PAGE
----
We used the q syte with the extension loop for our IV starts. We found the loop end that twist connects with the Q syte would crack after several meds were given. There is a possilbility that the cap tightens on the extension tubing hub with each twist on of syringe. When the extension tube cracks the IV fluids/ meds and blood pour out of the IV...
It appears to be a manufacturing defect. Shocked that it hasn't had widespread recall yet.
I work in homecare, and there are 2 hospitals in my area I know of that use the Qsyte. My objection to the Qsyte is that is clear, and small, and when it is connected to a clear IV tubing it is difficult to differentiate where the cap begins and the tubing ends. I have had patients disconnect their infusion and remove the Qsyte with the tubing because it looks like a continuation of the tubing! If it was a different color that would help. I usually switch to the type of cap the providing homecare infusion company is supplying so don't have lengthy experience with it.
Hallene E Utter, RN, BSN Intravenous Care, INC
Well, you may have a problem in the future because the trend seems to be moving toward clear needleless connectors for all. The reason is so the nurse can be able to tell if all the blood has been adequately flushed from the device. Many devices are now clear rather than opaque. Lynn
Lynn Hadaway, M.Ed., RN, BC, CRNI
Lynn Hadaway Associates, Inc.
126 Main Street, PO Box 10
Milner, GA 30257
Office Phone 770-358-7861
I don't think I'd mind the clear so much if it was shaped a little differently. It's a very short cap and when a tubing is attached it's more difficult to distinguish when the tubing ends and the cap begins. Just sharing my experience with it. In homecare when one is teaching the patient to self administer, any and all color "keys" help!
Halle Utter, RN, BSN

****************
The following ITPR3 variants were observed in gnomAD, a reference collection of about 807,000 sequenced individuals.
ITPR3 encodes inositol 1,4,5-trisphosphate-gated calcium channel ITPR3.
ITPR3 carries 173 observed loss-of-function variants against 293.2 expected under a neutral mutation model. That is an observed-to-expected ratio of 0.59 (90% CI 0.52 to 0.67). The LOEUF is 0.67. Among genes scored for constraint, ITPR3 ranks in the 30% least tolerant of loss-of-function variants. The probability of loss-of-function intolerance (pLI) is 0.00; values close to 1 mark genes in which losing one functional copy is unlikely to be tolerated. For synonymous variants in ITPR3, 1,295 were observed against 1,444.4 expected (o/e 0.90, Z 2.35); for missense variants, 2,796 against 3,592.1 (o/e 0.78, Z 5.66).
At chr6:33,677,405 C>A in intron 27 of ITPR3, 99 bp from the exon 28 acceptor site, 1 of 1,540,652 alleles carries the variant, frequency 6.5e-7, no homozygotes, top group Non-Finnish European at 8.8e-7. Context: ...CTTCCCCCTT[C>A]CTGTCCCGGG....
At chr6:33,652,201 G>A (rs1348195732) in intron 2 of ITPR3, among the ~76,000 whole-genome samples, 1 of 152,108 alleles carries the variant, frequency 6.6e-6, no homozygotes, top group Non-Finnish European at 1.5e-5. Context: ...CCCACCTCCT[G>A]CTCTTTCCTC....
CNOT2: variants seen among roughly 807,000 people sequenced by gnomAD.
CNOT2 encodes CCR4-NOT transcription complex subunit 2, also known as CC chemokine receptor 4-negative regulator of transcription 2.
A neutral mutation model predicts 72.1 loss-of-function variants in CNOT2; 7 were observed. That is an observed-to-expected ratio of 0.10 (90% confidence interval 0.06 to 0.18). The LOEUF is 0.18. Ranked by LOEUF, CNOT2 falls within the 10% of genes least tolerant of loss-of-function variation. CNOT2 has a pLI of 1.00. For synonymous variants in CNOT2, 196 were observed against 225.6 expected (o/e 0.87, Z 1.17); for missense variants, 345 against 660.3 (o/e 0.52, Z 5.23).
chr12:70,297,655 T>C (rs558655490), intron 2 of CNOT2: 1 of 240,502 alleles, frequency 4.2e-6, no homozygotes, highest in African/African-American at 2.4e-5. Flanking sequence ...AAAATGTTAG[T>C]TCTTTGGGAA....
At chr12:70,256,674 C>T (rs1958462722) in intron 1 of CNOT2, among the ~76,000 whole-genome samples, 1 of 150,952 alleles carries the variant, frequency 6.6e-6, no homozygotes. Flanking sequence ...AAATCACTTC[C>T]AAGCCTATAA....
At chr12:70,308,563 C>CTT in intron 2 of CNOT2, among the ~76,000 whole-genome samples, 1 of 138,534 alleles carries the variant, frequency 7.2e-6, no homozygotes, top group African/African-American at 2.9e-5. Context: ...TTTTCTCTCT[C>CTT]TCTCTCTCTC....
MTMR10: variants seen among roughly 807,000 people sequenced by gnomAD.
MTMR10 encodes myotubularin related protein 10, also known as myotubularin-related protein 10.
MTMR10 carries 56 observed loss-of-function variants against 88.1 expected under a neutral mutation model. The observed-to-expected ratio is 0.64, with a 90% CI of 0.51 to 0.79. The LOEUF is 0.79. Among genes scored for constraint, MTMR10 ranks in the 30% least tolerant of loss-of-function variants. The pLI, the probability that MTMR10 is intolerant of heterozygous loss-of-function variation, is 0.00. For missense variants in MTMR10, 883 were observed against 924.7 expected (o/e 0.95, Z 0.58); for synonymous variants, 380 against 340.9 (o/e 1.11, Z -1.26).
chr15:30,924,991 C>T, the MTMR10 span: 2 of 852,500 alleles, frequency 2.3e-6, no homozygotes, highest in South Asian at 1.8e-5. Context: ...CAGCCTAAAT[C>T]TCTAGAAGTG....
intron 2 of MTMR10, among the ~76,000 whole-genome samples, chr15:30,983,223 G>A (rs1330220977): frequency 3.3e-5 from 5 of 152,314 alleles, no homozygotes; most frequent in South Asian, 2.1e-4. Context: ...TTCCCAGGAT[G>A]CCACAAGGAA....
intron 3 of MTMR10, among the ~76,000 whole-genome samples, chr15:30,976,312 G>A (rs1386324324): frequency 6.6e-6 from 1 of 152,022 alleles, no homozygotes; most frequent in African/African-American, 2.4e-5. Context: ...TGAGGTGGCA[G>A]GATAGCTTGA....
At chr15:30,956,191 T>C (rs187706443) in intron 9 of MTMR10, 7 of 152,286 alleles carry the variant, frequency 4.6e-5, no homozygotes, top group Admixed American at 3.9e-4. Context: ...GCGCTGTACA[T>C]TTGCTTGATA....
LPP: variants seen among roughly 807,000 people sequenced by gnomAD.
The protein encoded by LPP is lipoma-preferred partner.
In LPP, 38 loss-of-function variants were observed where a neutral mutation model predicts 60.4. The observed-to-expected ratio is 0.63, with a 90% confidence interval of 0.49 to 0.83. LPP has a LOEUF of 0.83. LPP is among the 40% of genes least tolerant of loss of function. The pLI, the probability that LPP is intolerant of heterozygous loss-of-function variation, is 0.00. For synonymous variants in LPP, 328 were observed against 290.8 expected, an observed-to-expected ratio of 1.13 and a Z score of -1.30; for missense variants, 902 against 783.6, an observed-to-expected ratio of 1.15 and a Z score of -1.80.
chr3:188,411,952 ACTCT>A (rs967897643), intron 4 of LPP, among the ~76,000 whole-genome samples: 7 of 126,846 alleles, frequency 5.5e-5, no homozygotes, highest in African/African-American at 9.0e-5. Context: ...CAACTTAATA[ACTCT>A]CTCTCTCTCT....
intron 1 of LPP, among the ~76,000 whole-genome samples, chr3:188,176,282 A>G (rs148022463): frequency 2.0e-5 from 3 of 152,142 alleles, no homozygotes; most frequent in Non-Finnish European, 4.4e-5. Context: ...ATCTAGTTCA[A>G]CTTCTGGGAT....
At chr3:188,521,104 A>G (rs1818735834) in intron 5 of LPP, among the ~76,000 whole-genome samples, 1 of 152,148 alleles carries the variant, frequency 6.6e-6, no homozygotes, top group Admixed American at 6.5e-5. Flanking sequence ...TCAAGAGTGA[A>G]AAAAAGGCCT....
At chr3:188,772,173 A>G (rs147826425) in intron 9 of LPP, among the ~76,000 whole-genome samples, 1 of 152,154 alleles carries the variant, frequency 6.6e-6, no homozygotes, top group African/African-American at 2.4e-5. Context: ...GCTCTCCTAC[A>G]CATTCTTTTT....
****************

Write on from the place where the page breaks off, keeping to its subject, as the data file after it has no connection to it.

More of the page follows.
Denver metro area
I find the clear discussion interesting. Relying on eyesight can be misleading. I would ask for flush recommendations and supportive data to KNOW when the device is free of hemoglobin. Without my readers on I can't order at a restaurant!
Tom Billings, RN
Sr. Product Specialist
ICU Medical, Inc
I agree with Tom in that visual is only for gross contamination. In addition, clear housing only allows the outer surface to be visualized. Many of the connectors have working parts that are not visible. It takes a study that demonstrates when a fluid pathway is cleaned. Laboratory studies are fine for this.
We were using the Q-syte connectors for our patients' Hickman lines for several months. Our patients are on long-term, continous infusion therapy. We had a problem with the leaking. Our elderly clients also had problems keeping them sterile as they are small and difficult to handle. We have since changed to another type of connector.
Susan Di Giuseppe, RN, MSN
I trialed the IV cath product that comes with the Q-site. The Q-site would not flush clear, even with 20 mL flush. The rep told me to turn the syringe a quarter turn to get it to clear but I found this too cumbersome to be teaching my nurses and not possible to teach to agency staff. You never know how many flushes to bring into the room. The negative reflux is the worst I have ever seen, which makes sense because the prime volume is high so that the flow rate is high. But this also means more places to have biofilm form. I also did not find that the cap is possible to clean fully because the slit extend too far into the product. Put some toothpaste on and try to scrub it off with the alcohol preps--good luck with that. I do see a use for this cap though. I think that all EMTs should use them because they need cheap products that are used very short term and high flow and they don't draw blood through their lines. The cap is changed to the hospital's cap as soon as they are admitted so there is not time to have the problems that Q-site has. I would never consider them for any other use.
I used the interlink type before and it seemed to come clear when scrubbed. But it was a negative pressure as well and I mostly just hate all the contraptions that go with them. I prefer the inVision Caps.
Michelle Todd, CRNI--Head PICC Nurse, Vibra Specialty Hospital of Portland [email protected]